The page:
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Hits and Misses to Learn from on Threads

oreo tweet; threads

When Threads launched on July 6th and shifted the social universe yet again, brands were suddenly faced with a new daunting decision. Social media managers across all categories were scrambling to come up with clever, engaging, and on-brand content for their first Thread posts.

Do we post products? What questions should we ask? Why am I being tasked with developing a Threads strategy the day it launched? While some brands hesitated to join or post, others embraced the new, uncharted social territory. They leaned into the chaos of the unknown. Still, some may still be wondering if they should have a presence on Threads.

HOW, a 5W agency, recommends that all brands have a Threads account as soon as possible. There’s no downside if you don’t overthink it. The Insta-connection and Twitter-style platform does a lot of the heavy lifting automatically in terms of followers and engagement. So, there’s no need to build out a brand-new Threads strategy yet, especially while it’s still in its infancy.

However, there are best practices brands should follow, and there’s a lot to take away by looking at the hits and misses we’ve seen so far. Let’s look at some of the brands that stood out on Threads, along with some key learnings that HOW recommends brands should use as guidelines:


Mattress brand Casper’s debut on Threads was seamless and clever. The pun may have been handed to them in a way, but it still was genius and hit just right.

casper tweet; threads

Casetify capitalized on the palpable pressure surrounding social media managers with a very relatable post, playing off demands to include products in posts:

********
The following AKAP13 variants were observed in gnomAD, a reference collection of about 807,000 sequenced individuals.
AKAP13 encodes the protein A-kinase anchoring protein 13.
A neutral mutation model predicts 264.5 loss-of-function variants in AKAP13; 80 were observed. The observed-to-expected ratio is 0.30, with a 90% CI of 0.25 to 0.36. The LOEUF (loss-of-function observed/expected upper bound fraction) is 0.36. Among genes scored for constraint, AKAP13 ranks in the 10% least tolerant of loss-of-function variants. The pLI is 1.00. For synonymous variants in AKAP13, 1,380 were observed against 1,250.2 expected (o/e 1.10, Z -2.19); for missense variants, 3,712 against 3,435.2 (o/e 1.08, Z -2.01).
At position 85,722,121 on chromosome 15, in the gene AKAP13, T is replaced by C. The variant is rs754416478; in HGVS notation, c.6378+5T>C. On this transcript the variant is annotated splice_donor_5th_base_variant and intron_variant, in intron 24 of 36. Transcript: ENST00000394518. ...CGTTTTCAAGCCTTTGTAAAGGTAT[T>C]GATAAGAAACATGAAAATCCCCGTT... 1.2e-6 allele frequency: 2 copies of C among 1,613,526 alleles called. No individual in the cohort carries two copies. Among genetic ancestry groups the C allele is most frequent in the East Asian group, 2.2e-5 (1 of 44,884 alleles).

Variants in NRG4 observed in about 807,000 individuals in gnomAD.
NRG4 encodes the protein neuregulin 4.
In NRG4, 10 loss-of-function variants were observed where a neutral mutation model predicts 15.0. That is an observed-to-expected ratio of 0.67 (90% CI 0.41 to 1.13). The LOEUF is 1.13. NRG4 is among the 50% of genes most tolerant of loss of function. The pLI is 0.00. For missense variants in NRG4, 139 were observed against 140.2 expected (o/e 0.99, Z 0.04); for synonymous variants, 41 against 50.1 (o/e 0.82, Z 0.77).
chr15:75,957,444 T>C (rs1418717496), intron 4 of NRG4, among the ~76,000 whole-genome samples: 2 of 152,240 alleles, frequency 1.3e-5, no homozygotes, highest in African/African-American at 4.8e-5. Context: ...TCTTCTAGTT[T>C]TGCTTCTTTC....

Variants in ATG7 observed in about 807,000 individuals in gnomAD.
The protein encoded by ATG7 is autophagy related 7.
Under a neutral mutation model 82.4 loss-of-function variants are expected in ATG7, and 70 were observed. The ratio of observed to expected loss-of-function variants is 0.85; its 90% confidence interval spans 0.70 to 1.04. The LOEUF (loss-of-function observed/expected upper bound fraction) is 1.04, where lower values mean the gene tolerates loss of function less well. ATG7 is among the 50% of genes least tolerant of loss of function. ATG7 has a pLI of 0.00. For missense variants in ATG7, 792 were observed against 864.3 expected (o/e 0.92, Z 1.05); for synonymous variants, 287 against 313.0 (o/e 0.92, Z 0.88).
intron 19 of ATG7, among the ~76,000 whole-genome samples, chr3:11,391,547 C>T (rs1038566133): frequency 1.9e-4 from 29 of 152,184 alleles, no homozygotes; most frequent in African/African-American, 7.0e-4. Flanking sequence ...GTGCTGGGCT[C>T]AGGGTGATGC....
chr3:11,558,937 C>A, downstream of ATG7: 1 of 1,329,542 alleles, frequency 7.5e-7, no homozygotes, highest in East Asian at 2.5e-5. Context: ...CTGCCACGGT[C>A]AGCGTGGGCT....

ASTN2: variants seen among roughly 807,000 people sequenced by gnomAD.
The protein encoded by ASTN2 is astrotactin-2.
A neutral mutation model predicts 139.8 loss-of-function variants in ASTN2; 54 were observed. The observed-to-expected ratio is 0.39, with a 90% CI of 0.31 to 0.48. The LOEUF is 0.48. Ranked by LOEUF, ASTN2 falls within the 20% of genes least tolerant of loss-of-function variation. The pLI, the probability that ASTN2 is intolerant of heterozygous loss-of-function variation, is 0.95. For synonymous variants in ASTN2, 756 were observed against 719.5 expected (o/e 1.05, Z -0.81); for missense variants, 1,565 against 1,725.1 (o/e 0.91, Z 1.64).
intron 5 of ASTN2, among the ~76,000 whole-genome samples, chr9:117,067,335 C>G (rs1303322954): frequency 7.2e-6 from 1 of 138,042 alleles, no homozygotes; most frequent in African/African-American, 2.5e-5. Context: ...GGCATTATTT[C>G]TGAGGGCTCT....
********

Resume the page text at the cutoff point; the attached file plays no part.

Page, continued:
casify tweet; threadsOreo

Oreo took the same approach, poking fun at the fact that no one really knows what content is “good” for Threads.

oreo tweet; threadsComplex

Like most brands, Complex wasn’t even sure if anyone was listening.

complex tweet; threads

Burger King

Meanwhile, Burger King was straight-up transparent about its internal situation.

burger king tweet; threads


Wendy’s quickly took a page from its Twitter playbook with a meme playfully coming for McDonald’s.

wendy's tweet; threads


Netflix plugged one of their hit series by comparing Love is Blind in a post that was a little cheesy. Although, it was quite spot-on– and consistent with Netflix’s tone.

netflix tweet; threads

Auntie Anne’s

Questions and polling the audience is always a smart strategy, but whatever the tone, the query needs to be thought-provoking enough to elicit responses. Don’t just ask a question for the sake of asking a question (although we love a great pretzel).

auntie annes tweet; threads


Ritz quickly started an emoji trend among brands in the CPG, health and wellness, and beauty category, just to name a few. You can’t go wrong with posting who you are.

ritz crackers tweet; threads
These examples paint a very clear picture that brands really aren’t sure what to do on Threads, and that’s fine, because, for most of them, that strategy is working. Here are a few key learnings that HOW recommends brands keep top of mind when posting on Threads:

  • Embrace the chaos: No one is 100% sure what works best here, so now is the time to embrace all the timely chaos and make people laugh.
  • Repurpose your Twitter strategy: Most of these examples point to repurposing an existing Twitter strategy, which HOW recommends as a first step. If brands are unsure of what to post, simply repurpose top-performing Twitter content, and follow that existing strategy until anything changes.
  • Keep your tone of voice consistent: Threads is not the place to suddenly reinvent your brand TOV. Stay consistent with your themes on all platforms, particularly aligning Twitter content with what you’re sharing on Threads.
  • Engage and ask questions: Netflix’s point about engagement speaks the truth; many brands who were unsure of what to do at first took the conversation route to engage with followers and start conversations– always a smart strategy.


Matt Caiola is Co-CEO of 5WPR and leader of its digital agency, HOW.

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